Doctor insights on:
Medicine For Motor Neuron Disease
Motor neuron disease: Motor neuron disease is a group of poorly understood degenerative conditions of the nervous system. The one known most commonly is amyotrophic lateral sclerosis, better known as lou gehrig's disease. The disease causes the nerves supplying muscles in the spinal cord to die off gradually causing progressive weakness in the limbs and the face including swallowing muscles. There is no cure at this time. ...Read more
The motor neuron diseases (mnd) are a group of neurological disorders that selectively affect motor neurons, the cells that control voluntary muscle activity including speaking, walking, breathing, swallowing and general movement of the body. They are generally progressive in nature, and cause ...Read more
Depends on typw:
There is more than one types of motor neuron disease. There is of now no cure or reliable treatment for lou gehrigs diseases. There are some promising results with stem cells, which I think will ultimately be the answer to treating this disease.
Multofocal motoneuropathy is treated with immune therapy. This can resemble lou gehrigs disease and is treatable. ...Read more
Depends: There are many different types of motor neuron diseases, each of which has its own unique progression (which is how we tell which one you might have oftentimes). You'll need to be more specific in order to get a good answer. If you think you have a motor neuron disease, you need to get to the doctor right away. ...Read more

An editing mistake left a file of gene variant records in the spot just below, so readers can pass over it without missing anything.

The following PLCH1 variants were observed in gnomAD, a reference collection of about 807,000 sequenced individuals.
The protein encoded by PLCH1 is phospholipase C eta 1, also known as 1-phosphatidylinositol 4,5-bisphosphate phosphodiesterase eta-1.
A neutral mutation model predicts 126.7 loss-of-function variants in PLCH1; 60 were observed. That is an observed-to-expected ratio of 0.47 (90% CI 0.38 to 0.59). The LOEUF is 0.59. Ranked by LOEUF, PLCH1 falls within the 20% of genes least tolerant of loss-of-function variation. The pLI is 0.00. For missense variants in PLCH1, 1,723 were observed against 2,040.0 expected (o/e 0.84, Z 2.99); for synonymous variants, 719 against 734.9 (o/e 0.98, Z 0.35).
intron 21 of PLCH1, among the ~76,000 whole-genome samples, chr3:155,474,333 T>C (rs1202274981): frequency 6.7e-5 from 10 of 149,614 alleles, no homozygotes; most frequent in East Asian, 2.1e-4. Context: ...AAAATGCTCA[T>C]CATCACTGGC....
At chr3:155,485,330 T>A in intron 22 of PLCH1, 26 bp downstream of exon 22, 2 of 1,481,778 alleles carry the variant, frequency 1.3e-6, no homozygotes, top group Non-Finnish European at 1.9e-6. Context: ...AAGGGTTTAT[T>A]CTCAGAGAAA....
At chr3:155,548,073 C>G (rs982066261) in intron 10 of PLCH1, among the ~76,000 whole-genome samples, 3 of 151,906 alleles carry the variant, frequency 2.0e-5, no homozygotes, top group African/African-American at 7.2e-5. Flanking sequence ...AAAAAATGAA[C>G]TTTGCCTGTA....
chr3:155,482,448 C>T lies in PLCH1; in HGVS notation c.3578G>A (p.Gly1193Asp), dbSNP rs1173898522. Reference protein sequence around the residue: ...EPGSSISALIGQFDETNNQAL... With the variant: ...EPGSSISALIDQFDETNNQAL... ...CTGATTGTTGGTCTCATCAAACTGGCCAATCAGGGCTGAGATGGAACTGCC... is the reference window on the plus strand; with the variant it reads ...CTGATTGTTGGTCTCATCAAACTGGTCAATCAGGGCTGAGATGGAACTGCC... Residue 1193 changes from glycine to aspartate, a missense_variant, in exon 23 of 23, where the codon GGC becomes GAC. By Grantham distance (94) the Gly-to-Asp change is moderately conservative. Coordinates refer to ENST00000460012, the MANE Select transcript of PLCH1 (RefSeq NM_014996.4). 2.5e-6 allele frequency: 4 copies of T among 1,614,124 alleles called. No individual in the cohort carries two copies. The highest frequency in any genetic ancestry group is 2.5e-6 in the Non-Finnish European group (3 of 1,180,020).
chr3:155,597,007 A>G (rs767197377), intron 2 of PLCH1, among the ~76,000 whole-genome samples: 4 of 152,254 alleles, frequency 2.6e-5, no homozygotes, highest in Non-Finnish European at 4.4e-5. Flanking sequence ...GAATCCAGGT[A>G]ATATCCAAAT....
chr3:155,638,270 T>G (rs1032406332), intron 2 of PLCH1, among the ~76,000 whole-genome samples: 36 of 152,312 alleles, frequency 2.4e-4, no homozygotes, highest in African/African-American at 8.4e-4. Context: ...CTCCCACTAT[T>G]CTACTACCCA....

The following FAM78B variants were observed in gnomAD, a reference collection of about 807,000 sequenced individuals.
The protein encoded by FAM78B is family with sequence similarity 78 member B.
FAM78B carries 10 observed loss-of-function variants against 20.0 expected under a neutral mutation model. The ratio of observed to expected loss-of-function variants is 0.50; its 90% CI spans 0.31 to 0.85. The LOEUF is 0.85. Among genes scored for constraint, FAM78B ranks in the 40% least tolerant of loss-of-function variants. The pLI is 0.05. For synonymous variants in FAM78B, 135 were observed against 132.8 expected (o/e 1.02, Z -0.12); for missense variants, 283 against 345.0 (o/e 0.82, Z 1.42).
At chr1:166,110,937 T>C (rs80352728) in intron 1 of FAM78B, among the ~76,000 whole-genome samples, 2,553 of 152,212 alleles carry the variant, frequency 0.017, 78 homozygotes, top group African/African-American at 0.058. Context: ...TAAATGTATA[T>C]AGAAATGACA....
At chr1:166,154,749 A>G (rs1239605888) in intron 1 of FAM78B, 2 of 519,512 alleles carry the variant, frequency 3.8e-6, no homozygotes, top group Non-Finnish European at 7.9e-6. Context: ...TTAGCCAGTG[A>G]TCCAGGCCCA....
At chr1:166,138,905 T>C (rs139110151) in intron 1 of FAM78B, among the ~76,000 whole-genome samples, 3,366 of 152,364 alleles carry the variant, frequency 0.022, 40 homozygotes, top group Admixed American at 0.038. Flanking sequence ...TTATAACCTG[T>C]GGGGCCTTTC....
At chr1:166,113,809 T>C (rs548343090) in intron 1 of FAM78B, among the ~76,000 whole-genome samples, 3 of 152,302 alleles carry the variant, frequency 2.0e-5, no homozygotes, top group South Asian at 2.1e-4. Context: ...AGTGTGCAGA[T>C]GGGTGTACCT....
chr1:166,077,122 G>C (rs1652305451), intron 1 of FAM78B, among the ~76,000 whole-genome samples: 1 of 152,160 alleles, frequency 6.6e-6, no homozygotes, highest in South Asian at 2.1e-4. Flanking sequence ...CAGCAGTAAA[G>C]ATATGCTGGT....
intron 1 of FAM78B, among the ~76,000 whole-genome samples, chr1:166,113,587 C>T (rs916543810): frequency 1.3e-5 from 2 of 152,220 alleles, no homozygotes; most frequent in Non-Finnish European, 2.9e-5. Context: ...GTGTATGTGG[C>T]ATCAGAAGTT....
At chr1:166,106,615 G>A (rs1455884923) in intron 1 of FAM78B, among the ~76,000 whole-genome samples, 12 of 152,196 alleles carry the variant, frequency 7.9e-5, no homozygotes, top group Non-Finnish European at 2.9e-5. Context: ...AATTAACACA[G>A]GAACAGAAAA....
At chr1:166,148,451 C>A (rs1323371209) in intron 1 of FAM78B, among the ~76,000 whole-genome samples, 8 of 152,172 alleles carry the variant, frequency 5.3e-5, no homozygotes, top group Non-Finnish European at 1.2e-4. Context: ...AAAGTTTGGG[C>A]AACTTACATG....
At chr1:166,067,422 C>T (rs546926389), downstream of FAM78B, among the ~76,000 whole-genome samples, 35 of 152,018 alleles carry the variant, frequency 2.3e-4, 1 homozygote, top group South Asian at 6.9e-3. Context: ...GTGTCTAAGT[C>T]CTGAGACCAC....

Rilutek (riluzole) and support: The only medication that has been fda approved for motor neuron disease is rilutek- it is expensive, but does show a clearly prolonged lifespan. One critical aspect to care of patients with motor neuron disease is enrollment in a multidisciplinary clinic, where the many needs (dietary, pulmonary, speech, mobility, etc.) of these patients can be addressed in a comprehensive manner. ...Read more
Motor neuron disease: Motor neuron diseae such as amyotrophic lateral sclerosis (als) can be managed by a multidisciplinary team consisting of a neurologist, a physical medicine & rehab specialist, a physical/occupational therapist, a nutritionist, a speech therapist, a nutritionist, a respiratory therapist, a psychologist and a support group. Riluzole may slightlly extend the lifespan. ...Read more
See below: Previously termed "lou gehrig's disease", the process destroys motor nerve cells and leads to muscle atrophy weakness, swallowing and breathing difficulties. The sole approved drug is Riluzole which may delay tracheostomy. Treatment is basically symptomatic and supportive, but patients succumb nonetheless. There is no cure. ...Read more
It is difficult: Motor neuron disease usually doesn't go away. There are some medications that may slow down the progression but it never goes away. ...Read more